Shyamaprasad's 'English' opens during another autumn in London, and Sarasu (Nadia Moithu), having spent years on this foreign land with her doctor husband (Murali Menon) and two lovely kids, gets ready to celebrate Diwali inside the confines of her home. Sibin (Nivin Pauly) is enchanted by his newlywed best friend's wife Gauri (Remya Nambeesan), while in another corner of the city, Shankaran (Jayasurya), a Kathakali artist who works at a restaurant, keeps writing letters to his lady love back home. Joy (Mukesh), aided by his wife Sally (Sona Nair), looks after his mother who has taken ill, and when told by the doctor that he has to make a decisive decision for her - a life-changing one at that - is devastated.
Displacement essentially remains at the core of the film, and it traces the individual life journeys that each of these men and women embark on, vehemently striving all the while to come to terms with their roots having been severed off. There are the totally lost ones and those who are yet to realize their loss, while a few others seemingly go through a process of denial, perplexed and puzzled at their own identities.
Of the four story lines that run parallel to one another, there are at least two that capture your interest. Leading the pack is Sarasu and her concerns about being away from home, and when she notices that her husband has been slowly, but surely moving away from them, she decides to unearth the truth. Her discovery is far from reassuring, but it makes her a stronger woman for sure.
Joy is perhaps as much a concerned father as he is a concerned son, and as he painfully tends to his ailing mother, he might perhaps be reflecting on his own old age that is imminent. That his only daughter has purposefully chosen to stop speaking Malayalam and has become increasingly indifferent to her parents adds to his distress.
What makes 'English' appealing is the way both these tales conclude. Sarasu running into Sibin in the elevator after having uncovered the greatest reality in her life, tells him that it's tough to make some decisions in life. In this remarkably well written scene, he agrees to her, after a brief pause, thereby lending his underwritten tale a moment of glory as well.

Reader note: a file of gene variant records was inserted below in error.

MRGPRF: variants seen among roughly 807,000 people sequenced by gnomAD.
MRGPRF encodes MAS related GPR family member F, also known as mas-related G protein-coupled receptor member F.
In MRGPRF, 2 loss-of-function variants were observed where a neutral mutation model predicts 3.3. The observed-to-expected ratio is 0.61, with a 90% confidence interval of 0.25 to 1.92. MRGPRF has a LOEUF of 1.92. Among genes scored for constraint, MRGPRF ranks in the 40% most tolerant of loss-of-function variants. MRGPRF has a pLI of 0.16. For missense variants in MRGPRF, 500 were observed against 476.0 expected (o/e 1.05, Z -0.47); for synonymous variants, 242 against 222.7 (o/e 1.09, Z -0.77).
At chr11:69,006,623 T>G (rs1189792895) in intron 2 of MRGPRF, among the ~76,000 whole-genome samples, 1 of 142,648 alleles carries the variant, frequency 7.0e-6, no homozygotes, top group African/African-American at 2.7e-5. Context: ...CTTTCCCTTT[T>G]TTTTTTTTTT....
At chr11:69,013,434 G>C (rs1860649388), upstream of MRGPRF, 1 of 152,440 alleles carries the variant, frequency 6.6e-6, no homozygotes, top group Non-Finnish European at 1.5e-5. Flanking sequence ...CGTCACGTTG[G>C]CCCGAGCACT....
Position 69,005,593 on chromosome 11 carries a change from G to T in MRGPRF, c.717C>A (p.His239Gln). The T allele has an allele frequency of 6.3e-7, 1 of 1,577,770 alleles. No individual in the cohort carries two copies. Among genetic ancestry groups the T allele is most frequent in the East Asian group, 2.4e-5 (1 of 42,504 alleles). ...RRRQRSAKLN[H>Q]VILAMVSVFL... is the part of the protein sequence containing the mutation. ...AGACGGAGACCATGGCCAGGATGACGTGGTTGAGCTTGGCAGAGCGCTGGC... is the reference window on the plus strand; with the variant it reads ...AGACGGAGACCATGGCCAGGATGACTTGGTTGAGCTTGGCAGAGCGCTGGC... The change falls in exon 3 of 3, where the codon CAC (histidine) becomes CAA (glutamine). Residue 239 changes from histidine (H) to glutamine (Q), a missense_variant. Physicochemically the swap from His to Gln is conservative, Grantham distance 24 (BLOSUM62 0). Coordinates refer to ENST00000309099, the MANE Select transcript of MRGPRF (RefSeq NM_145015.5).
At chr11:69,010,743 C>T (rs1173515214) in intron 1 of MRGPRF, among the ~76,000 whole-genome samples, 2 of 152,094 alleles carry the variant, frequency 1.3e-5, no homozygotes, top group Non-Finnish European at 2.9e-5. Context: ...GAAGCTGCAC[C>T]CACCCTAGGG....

As Joy breaks down under the shower, the much dreaded telephone call from the hospital brings him news. Undoubtedly one of the best moments in the film, it reinstates your faith in life, and prods you to hang on, irrespective of the storm that has been relentlessly raging outside.
The characterization is 'English' disappoints in that the much adored microscopic examination of character that one has got used to in all Shyamaprasad films till date is missing here. It almost seems as if this highly peripheral character study that is attempted in 'English' is deliberate, and for once, the film maker has let his characters walk away from a perennial focus.
This is particularly evident in the other two plot threads, both of which involve a love, one which is never expressed and the other which is severed off all on a sudden. The magic that is apparent elsewhere in the film is seriously missing here, as these story lines are marred with one chestnut popping up after another.
Of the cast, Mukesh and Nadia Moithu come up with terrific performances that easily put the rest of them under the shade. It's almost a rediscovery of the actor in Mukesh, a tremendously capable performer who has been terribly underused till date. Udayan Ambaadi's cinematography captures London in all its autumnal glory, while Rex Vijayan's musical score leaves a mark.
'English' is beautifully played for its most part, and it's deeply touching in its exploration of life and love on an alien land. Undoubtedly several notches above the standard genre fare, the bumpiness in its narrative stops it from evolving into a stately drama of its own kind!